Does Olympus Need to Go Full Frame?

Figosa-camera-strap-on-OMD

We’ve seen loads and loads of rumors on the web along with many clear signs of evidence pointing to something really big coming. And by really big, we mean full frame. At the time of the publishing of this piece, Olympus has just announced their OMD EM1 camera with a Four Thirds sized sensor. Besides the obvious marketing push that a full frame sensor can give a company or camera system, it only seems like a matter of time until Sony wipes the floor with the rest of the industry and releases a full frame mirrorless camera. And with that said, the mirrorless interchangeable lens camera world will experience the same shift that the DSLR world took where everyone always complained about the smaller sensors in Olympus cameras.

But in many other aspects, the company could find a home with others.

While a full frame sensor works out really well with still photography, videographers will tell you all about how much of a pain it is to work with. Full frame sensors can deliver a beautiful look, but getting anything in focus and pulling focus is one of the toughest jobs ever. Micro Four Thirds has something closer to a Super 16mm sensor in size, and so many videography folks love it for that reason. Indeed, it is why the GH3 was so popular amongst videographers.

But then that would mean that to survive, Olympus would have to get more serious about video, right? I mean, they already have some excellent audio recorders. In the end though, their heritage is as a photo company. And as fast as Olympus can develop excellent technology like with their FAST AF system, other systems are only bound to catch up. Olympus’s strength though lies in its glass–but only the most savvy amongst photographers totally understand that lenses are where it all matters. Sadly though, not many companies market their lenses as strongly as their cameras: and even Olympus is guilty of this. And while reviewers everywhere will tell you that Olympus has the best glass in the mirrorless market, consumers often also only buy one lens and are set with that for a while.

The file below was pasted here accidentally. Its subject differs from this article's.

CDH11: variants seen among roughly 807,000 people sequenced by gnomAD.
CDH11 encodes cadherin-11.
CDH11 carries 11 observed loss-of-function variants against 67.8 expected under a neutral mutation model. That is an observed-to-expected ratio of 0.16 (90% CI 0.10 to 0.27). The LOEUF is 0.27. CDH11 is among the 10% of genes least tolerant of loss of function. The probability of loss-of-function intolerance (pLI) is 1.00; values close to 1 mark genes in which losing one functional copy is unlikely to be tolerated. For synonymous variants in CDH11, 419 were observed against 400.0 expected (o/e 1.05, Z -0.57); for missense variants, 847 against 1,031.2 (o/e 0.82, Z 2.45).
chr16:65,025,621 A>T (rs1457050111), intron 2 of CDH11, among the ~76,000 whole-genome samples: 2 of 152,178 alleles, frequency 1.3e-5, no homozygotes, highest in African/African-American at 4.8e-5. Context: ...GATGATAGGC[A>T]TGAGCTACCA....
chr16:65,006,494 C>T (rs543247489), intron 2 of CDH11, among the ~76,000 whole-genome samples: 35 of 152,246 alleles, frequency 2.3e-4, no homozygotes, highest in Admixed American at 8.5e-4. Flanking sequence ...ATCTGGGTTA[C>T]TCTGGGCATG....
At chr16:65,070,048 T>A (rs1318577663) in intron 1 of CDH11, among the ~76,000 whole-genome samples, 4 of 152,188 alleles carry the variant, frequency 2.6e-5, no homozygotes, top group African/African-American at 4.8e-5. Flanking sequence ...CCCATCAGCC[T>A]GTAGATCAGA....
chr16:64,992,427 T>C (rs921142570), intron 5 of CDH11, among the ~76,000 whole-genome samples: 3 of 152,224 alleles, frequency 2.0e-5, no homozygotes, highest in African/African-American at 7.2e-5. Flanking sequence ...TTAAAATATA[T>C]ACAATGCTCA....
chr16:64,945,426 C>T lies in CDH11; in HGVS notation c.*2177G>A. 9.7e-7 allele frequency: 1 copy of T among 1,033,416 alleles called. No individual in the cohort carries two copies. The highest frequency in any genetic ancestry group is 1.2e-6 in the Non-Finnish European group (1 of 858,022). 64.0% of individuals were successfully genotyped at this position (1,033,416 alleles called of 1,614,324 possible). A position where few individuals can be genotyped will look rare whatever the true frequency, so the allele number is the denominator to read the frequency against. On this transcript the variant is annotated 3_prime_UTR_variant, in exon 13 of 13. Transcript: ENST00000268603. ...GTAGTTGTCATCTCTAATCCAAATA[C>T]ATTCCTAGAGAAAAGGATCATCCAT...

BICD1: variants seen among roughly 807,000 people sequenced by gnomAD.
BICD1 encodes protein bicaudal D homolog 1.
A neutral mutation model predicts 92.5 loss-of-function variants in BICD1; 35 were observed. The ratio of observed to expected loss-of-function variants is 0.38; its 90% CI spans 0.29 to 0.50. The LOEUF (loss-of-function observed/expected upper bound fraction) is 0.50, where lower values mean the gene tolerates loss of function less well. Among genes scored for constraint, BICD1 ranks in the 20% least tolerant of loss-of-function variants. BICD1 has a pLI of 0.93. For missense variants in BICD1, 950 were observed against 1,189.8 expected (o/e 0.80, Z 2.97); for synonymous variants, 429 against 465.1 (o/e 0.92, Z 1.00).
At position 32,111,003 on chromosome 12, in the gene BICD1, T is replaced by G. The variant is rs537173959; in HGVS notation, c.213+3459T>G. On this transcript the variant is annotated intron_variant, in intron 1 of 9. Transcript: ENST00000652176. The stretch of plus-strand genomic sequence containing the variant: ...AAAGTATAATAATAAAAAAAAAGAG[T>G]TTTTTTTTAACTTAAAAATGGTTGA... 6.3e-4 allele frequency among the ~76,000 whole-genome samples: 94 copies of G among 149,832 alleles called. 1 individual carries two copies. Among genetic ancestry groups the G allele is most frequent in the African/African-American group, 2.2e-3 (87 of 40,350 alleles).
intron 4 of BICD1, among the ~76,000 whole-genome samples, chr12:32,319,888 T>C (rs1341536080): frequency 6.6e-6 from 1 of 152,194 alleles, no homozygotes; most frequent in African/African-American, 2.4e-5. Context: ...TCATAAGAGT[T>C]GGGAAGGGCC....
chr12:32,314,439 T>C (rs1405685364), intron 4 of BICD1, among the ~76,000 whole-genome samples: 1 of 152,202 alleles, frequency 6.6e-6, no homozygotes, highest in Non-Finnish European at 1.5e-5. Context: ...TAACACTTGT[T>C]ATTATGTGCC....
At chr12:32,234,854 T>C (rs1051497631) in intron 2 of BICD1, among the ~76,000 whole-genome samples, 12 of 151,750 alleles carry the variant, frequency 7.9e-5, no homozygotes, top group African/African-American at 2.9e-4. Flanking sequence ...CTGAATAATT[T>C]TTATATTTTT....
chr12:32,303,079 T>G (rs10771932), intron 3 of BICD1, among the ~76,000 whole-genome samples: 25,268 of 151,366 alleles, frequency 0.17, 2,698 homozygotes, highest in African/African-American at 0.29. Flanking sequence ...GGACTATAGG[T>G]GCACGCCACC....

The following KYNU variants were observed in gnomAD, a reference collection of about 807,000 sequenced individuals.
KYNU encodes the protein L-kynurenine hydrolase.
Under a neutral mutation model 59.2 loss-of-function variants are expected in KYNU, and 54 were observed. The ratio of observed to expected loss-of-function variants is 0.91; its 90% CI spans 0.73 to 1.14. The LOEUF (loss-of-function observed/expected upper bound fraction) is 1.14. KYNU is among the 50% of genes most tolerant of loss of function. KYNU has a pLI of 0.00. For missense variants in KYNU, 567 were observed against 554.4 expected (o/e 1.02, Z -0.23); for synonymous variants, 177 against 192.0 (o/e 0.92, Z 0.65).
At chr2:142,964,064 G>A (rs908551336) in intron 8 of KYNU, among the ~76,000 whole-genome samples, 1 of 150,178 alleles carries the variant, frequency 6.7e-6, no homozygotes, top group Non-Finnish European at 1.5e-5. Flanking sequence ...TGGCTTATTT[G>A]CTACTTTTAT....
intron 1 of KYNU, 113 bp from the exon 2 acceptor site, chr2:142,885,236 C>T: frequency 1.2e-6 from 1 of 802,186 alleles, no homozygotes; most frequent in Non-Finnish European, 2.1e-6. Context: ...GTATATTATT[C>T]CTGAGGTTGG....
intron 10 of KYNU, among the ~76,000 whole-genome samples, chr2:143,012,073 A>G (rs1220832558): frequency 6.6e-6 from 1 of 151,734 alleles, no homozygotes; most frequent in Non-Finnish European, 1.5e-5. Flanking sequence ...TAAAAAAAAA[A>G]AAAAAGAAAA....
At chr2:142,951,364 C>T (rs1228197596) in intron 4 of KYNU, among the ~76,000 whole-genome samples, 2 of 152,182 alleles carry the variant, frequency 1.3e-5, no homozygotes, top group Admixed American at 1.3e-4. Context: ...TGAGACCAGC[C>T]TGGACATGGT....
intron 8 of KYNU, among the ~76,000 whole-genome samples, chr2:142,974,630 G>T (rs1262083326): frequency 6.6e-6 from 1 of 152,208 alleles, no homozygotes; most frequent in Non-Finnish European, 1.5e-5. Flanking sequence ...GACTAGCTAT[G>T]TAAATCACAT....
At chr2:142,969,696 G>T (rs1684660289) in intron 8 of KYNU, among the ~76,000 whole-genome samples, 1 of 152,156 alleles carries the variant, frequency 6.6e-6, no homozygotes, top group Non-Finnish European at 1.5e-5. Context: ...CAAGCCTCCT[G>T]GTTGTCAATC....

Then consider the APS-C market: how can they compete with the likes of Samsung’s marketing budget/consumer savviness, Fujifilm’s X Trans Sensor, and Sony’s innovation? They left the DSLR world a while ago for the mirrorless world–but it was only a matter of time before everyone else caught up or surpassed them.

Olympus surely seems like they’ve got quite the uphill battle to face with their photography division. And somehow or another, they’re going to need to innovate and create something that no one else has that is extremely marketable–and it will need to be a hit with the mass market.

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